This kind of emotion will make the patient feel more depressed, and he does not want to be known about his situation by others, thus hindering the road to help.
In this regard, Shi Shen, director of the Department of Psychiatry at Huashan Hospital affiliated to Fudan University, told The Paper that depression can still be controlled through standardized treatments, but the consultation rate for depression patients in China is only about 20%.
In recent years, with the popularization of publicity, the rate of consultation has increased, but overall it is not very high.
In addition, the "professional level" of psychological interventions in most school hospitals cannot win the trust of students.
The day after he was diagnosed with depression, Zhang Chen contacted the school's psychological counseling room via QQ.
The staff told her that the appointment queue will be two weeks later.
She "lied that she was suicidal," and the other party immediately arranged a counselor.
The consultation lasted for half an hour, and Zhang Chen believed that there was "no effect."
"After the talk, I feel that the school's psychological counseling is not very professional." Zhang Chen also found that the students who queued up for counseling, in her opinion, are mostly people who do not need psychological help. "They just want to talk to someone." .
Zhang Chen leaned against the wall when he lined up, listening to the classmates in front complaining about the trivial things in life, "I want to laugh for an unprecedented time."
"I feel very speechless. Why can I come to counseling for such (trivial things)? People who need urgent counseling like me can't get help." Unable to get professional help at school, Zhang Chen had to suspend school Come back home.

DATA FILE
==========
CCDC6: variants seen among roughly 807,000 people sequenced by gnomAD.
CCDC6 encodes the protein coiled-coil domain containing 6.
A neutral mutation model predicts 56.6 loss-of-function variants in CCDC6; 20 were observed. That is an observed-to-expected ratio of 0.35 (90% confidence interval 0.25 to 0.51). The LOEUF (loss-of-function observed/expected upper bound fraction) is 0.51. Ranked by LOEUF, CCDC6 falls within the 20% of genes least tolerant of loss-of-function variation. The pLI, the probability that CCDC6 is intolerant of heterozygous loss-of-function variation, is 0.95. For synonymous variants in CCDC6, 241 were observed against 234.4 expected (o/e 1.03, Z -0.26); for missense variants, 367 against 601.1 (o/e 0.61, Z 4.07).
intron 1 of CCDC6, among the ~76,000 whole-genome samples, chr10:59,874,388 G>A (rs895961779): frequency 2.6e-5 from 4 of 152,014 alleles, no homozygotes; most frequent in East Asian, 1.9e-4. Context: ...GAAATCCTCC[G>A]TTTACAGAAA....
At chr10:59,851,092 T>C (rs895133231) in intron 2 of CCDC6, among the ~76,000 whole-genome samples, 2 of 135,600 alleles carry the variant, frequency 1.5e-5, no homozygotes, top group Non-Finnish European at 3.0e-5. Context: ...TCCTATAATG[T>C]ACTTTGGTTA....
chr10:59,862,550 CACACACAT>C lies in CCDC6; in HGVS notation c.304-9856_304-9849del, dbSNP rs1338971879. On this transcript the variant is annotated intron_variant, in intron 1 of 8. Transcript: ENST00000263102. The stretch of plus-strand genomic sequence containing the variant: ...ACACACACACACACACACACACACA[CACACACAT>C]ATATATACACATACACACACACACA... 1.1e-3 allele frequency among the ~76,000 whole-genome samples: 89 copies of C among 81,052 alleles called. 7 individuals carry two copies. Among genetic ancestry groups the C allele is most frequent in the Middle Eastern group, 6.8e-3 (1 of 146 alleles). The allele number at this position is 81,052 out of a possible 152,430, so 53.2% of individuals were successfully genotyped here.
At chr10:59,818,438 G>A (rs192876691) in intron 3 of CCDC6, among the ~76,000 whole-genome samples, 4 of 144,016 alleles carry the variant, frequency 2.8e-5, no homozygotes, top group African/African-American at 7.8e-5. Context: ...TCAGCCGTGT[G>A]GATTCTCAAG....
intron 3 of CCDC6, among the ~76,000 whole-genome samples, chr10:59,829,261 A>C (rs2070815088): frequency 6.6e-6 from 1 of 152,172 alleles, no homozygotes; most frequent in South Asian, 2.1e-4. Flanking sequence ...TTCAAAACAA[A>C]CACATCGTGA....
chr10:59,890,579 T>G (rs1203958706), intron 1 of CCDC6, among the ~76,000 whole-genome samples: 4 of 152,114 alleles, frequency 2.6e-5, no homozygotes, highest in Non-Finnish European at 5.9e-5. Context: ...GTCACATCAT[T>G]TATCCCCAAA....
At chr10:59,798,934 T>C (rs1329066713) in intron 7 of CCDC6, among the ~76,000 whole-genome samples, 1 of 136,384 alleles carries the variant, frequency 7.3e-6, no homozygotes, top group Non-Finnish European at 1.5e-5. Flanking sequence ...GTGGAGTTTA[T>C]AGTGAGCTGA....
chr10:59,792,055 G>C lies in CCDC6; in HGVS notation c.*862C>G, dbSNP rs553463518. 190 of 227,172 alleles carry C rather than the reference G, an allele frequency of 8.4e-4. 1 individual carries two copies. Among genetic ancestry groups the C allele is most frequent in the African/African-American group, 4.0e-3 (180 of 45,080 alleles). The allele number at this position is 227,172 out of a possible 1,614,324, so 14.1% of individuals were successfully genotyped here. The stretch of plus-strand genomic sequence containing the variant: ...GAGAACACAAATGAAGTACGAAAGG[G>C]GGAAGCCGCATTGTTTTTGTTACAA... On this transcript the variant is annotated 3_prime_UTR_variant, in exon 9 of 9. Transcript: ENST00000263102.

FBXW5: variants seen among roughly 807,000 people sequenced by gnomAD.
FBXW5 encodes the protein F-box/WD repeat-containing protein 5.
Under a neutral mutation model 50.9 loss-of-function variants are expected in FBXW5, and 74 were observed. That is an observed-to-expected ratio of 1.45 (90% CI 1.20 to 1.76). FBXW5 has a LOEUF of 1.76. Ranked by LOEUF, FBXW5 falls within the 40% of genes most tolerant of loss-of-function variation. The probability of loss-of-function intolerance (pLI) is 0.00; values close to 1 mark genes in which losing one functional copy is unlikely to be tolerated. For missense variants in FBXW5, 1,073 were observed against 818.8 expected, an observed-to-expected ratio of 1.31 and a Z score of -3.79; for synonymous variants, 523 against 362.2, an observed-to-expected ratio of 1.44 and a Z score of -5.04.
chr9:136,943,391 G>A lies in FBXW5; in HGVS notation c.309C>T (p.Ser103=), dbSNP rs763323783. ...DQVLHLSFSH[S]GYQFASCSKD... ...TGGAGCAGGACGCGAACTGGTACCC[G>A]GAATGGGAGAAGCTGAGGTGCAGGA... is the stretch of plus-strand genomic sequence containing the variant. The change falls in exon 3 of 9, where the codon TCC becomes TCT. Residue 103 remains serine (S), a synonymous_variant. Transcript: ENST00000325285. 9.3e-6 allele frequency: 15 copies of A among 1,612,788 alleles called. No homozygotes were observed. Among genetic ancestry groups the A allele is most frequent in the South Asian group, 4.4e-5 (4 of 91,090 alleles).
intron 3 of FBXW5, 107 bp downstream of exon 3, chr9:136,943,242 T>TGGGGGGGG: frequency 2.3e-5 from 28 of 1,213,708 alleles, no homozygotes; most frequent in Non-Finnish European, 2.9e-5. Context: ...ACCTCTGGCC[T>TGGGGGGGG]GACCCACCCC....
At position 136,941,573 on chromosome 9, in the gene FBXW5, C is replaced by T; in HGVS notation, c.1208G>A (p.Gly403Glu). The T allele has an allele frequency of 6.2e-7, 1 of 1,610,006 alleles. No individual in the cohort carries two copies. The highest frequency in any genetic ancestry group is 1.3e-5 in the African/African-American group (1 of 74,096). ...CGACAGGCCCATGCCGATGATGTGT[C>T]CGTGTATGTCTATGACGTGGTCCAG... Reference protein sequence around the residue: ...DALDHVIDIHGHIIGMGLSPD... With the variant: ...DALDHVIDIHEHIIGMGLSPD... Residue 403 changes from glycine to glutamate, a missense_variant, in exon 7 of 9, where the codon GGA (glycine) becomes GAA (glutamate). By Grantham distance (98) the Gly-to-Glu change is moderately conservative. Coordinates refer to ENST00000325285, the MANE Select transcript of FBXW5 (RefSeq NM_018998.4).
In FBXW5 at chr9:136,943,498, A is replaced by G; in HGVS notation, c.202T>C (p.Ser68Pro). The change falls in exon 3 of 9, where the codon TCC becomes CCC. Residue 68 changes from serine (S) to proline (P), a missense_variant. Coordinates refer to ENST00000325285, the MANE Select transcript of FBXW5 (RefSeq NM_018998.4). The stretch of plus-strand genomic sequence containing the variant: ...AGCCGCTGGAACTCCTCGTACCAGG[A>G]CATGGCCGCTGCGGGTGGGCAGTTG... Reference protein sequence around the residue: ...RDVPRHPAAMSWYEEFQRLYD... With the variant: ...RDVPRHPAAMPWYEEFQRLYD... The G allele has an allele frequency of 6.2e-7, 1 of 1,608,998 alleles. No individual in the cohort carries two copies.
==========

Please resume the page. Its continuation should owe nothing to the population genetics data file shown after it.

"My parents must accept that I have depression"
"My parents must accept that I have depression"
The depression was told to his parents through the counselor, and Zhang Chen did not dare to say it himself.
"My parents have a low level of education, and I'm afraid they won't understand." Zhang Chen said.
The result was as she expected.
"They have been searching for all kinds of things on the Internet, and then confidently felt that I was not depressed, and directly said to me,'We don't think you are like someone with depression.'" Zhang Chen said that his parents felt "ashamed. Externally, he only said that "daughter is not in good health, go home to recuperate", and avoid talking about specific illnesses.
In daily life, she still acts as the "emotional trash can" at home.
Faced with depression, parents find it difficult to adapt. They don’t know how to help Zhang Chen, but instead release negative emotions from time to time.
"You look like this, what shall we do?" This is the most common sentence she heard from her parents.
The whole family was enveloped by a sense of helplessness. Within a month after returning home, Zhang Chen's condition deteriorated to severe depression.
She has no way to read, think, or even communicate with others. It takes a long time to organize a simple sentence to squeeze out what she wants to say word by word.
From watching horror movies, beating herself to self-harm, she needs more and more stimulation to keep herself awake.
After being found covered in scars, the family thought she was crazy.
In this case, after her strong request, her parents finally agreed to take her to the hospital for psychological treatment.
This struggle for understanding left Zhang Chen with an indelible memory, "I don't know how I survived that time alone."
For the second time after relapse, she chose to rent a house and live alone.
For college students, family acceptance and support are extremely important.